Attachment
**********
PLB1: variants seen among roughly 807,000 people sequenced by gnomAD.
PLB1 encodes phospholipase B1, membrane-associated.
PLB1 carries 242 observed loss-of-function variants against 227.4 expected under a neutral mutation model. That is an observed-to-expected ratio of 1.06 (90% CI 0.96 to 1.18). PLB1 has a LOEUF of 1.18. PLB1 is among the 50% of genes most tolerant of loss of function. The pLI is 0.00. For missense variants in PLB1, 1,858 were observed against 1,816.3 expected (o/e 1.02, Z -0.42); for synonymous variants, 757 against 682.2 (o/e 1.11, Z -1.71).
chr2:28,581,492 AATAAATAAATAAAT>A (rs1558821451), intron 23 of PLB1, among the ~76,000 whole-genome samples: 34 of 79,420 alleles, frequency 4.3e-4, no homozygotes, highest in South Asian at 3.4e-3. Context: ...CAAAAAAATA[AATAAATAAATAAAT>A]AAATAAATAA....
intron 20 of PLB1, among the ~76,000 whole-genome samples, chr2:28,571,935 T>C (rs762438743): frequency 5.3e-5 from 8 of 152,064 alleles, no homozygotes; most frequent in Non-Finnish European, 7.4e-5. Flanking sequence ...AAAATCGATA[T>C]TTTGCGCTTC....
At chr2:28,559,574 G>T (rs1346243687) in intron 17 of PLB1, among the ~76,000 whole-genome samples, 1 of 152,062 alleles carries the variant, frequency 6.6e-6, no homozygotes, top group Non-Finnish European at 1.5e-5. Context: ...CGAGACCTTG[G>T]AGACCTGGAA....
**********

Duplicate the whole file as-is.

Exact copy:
PLB1: variants seen among roughly 807,000 people sequenced by gnomAD.
PLB1 encodes phospholipase B1, membrane-associated.
PLB1 carries 242 observed loss-of-function variants against 227.4 expected under a neutral mutation model. That is an observed-to-expected ratio of 1.06 (90% CI 0.96 to 1.18). PLB1 has a LOEUF of 1.18. PLB1 is among the 50% of genes most tolerant of loss of function. The pLI is 0.00. For missense variants in PLB1, 1,858 were observed against 1,816.3 expected (o/e 1.02, Z -0.42); for synonymous variants, 757 against 682.2 (o/e 1.11, Z -1.71).
chr2:28,581,492 AATAAATAAATAAAT>A (rs1558821451), intron 23 of PLB1, among the ~76,000 whole-genome samples: 34 of 79,420 alleles, frequency 4.3e-4, no homozygotes, highest in South Asian at 3.4e-3. Context: ...CAAAAAAATA[AATAAATAAATAAAT>A]AAATAAATAA....
intron 20 of PLB1, among the ~76,000 whole-genome samples, chr2:28,571,935 T>C (rs762438743): frequency 5.3e-5 from 8 of 152,064 alleles, no homozygotes; most frequent in Non-Finnish European, 7.4e-5. Flanking sequence ...AAAATCGATA[T>C]TTTGCGCTTC....
At chr2:28,559,574 G>T (rs1346243687) in intron 17 of PLB1, among the ~76,000 whole-genome samples, 1 of 152,062 alleles carries the variant, frequency 6.6e-6, no homozygotes, top group Non-Finnish European at 1.5e-5. Context: ...CGAGACCTTG[G>T]AGACCTGGAA....